Gana’s extrajudicial killing

TERWASE Akwaza, also known as Gana, a notorious militia kingpin in Benue and conterminous states, has been killed by soldiers who intercepted the government convoy conveying him to Makurdi where he and more than 100 of his men were billed to be granted amnesty by the state governor, Samuel Ortom. Gana was reported to have surrendered himself to embrace peace and the amnesty programme organised by the state government before he was arrested by soldiers who summarily executed him. The level of involvement of security agents in the alleged surrender of Gana and the plan by the state government to grant him amnesty is yet unclear, but it is unlawful to kill anyone, including suspects, extrajudicially. For four years, the government could not fish him out of the bush but now that he came out and surrendered, the military ambushed and arbitrarily executed him. The disturbing incident raises some posers. Were the military oblivious of the provisions of the local law and international humanitarian laws forbidding extrajudicial killing or did they just decide that the laws should not apply in Gana’s case?

Assuming but not conceding that the atrocities committed by Gana were such that could not be overlooked through the instrument of amnesty, is it the place of the military to make such a decision? Is it the military or the court that should decide whether or not the militia leader is unfit or too dangerous to be a free man in the society? In whose interest is it to summarily execute a repentant militant who voluntarily surrendered himself, ready to lead a normal life, and who was even reportedly willing to help security agents to fight insecurity? Is it no longer a cardinal principle that you do not kill someone who has surrendered? Will Gana’s protégés and scions still in the bush come out after learning about what has happened to their leader? And is the government not unwittingly unleashing another insurgency on the country?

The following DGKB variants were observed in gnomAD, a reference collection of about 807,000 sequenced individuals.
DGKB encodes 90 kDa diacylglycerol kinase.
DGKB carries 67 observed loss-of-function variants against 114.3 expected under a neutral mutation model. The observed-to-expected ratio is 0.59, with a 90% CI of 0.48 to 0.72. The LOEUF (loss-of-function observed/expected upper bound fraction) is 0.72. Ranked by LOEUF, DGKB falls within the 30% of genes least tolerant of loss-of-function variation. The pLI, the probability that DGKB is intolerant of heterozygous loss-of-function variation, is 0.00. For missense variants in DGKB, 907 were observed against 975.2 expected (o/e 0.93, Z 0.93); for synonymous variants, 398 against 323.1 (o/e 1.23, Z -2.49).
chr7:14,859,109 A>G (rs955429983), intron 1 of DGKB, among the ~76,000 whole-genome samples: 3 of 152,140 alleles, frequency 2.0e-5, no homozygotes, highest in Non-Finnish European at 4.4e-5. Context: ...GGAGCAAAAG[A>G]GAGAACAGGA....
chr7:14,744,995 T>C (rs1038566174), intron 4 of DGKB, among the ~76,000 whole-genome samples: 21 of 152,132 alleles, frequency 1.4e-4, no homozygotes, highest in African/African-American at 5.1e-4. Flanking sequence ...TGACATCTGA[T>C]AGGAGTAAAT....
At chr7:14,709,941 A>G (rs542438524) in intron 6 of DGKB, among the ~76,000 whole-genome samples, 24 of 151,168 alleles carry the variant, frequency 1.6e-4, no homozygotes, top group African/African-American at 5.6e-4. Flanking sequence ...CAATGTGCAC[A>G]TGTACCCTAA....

Ordinarily, it is expected that some lessons would have been learnt from the mishandling of the case of Yusuf Mohammed, the erstwhile leader of Boko Haram who was arrested by the military and handed over to the police, but died mysteriously in police custody. His summary execution by the police, rather than putting paid to the heinous activities of the terrorists, has led to escalation of the group’s criminal actions since 2009. And why and how is Gana’s case different from that of some repentant bandits in the North-West and Boko Haram terrorists in the North-East who have been granted amnesty?

Was the military not interested in the prime information it could have obtained from the militia leader upon debriefing, or do some officers have anything to be afraid of in that regard? While the atrocities of Gana cannot be justified under any guise, his controversial and extrajudicial killing should not be condoned, not only because it has robbed the security agencies of vital information that may have been useful to rein in insecurity in the land but also because his murder amounted to self-help by the military.

There is a dangerous twist to the entire saga that the government must resolve dispassionately: the military authorities have announced that Gana was killed in a gun fight with soldiers but the state governor has claimed that the militia kingpin with some of his men was on his way to be granted amnesty by him. The question may be asked as to where the gun duel between Gana and the soldiers erupted: was it in the bush or on the highway?  Would the military claim that it was not aware that Gana was in a government convoy?  And did Governor Ortom apprise the security agencies, including the military, of Gana’s surrender and the state government’s arrangement to extend amnesty to him?  And why were there no security agents among the delegation that comprised the repentant militants, local government officials, religious and traditional leaders? These questions are germane against the backdrop of Gana’s shifty antecedents which made the police to declare him wanted after taking advantage of his position as a vigilante allegedly armed by the state government to murder Denen Igbana, the governor’s aide on Special Security.

The Federal Government should, in an objective manner, get to the root of the discordant tunes being sung by the military and the Benue State government as both parties, in the interest of national security, cannot be allowed to work at cross purposes. The objective should be to sanction the culprits appropriately in order to serve as a deterrent to other security agents who may have the erroneous impression that they can abridge the rule of law and international humanitarian laws with impunity.


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